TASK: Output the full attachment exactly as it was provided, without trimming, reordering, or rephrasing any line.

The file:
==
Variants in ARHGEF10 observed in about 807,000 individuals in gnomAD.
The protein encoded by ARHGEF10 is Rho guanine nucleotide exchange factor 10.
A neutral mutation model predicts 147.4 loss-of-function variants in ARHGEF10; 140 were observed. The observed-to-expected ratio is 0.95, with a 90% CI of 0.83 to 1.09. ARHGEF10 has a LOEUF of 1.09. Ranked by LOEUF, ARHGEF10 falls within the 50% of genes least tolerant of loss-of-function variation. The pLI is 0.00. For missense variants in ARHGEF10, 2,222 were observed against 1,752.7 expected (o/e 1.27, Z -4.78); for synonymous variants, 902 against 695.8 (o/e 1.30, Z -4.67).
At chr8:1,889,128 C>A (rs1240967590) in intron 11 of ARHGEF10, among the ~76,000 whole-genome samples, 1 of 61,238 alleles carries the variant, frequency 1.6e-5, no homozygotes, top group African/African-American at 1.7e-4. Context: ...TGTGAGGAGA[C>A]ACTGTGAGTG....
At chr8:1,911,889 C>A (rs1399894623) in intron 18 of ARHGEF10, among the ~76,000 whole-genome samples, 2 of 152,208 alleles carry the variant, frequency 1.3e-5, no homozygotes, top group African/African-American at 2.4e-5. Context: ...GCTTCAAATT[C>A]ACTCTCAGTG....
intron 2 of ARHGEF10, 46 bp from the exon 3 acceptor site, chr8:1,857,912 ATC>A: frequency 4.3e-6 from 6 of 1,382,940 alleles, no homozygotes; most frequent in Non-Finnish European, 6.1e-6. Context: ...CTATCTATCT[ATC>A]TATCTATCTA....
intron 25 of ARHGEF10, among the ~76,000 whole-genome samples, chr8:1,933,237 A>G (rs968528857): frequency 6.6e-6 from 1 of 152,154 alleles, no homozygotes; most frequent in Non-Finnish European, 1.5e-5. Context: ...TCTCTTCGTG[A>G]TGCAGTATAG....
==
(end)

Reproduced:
Variants in ARHGEF10 observed in about 807,000 individuals in gnomAD.
The protein encoded by ARHGEF10 is Rho guanine nucleotide exchange factor 10.
A neutral mutation model predicts 147.4 loss-of-function variants in ARHGEF10; 140 were observed. The observed-to-expected ratio is 0.95, with a 90% CI of 0.83 to 1.09. ARHGEF10 has a LOEUF of 1.09. Ranked by LOEUF, ARHGEF10 falls within the 50% of genes least tolerant of loss-of-function variation. The pLI is 0.00. For missense variants in ARHGEF10, 2,222 were observed against 1,752.7 expected (o/e 1.27, Z -4.78); for synonymous variants, 902 against 695.8 (o/e 1.30, Z -4.67).
At chr8:1,889,128 C>A (rs1240967590) in intron 11 of ARHGEF10, among the ~76,000 whole-genome samples, 1 of 61,238 alleles carries the variant, frequency 1.6e-5, no homozygotes, top group African/African-American at 1.7e-4. Context: ...TGTGAGGAGA[C>A]ACTGTGAGTG....
At chr8:1,911,889 C>A (rs1399894623) in intron 18 of ARHGEF10, among the ~76,000 whole-genome samples, 2 of 152,208 alleles carry the variant, frequency 1.3e-5, no homozygotes, top group African/African-American at 2.4e-5. Context: ...GCTTCAAATT[C>A]ACTCTCAGTG....
intron 2 of ARHGEF10, 46 bp from the exon 3 acceptor site, chr8:1,857,912 ATC>A: frequency 4.3e-6 from 6 of 1,382,940 alleles, no homozygotes; most frequent in Non-Finnish European, 6.1e-6. Context: ...CTATCTATCT[ATC>A]TATCTATCTA....
intron 25 of ARHGEF10, among the ~76,000 whole-genome samples, chr8:1,933,237 A>G (rs968528857): frequency 6.6e-6 from 1 of 152,154 alleles, no homozygotes; most frequent in Non-Finnish European, 1.5e-5. Context: ...TCTCTTCGTG[A>G]TGCAGTATAG....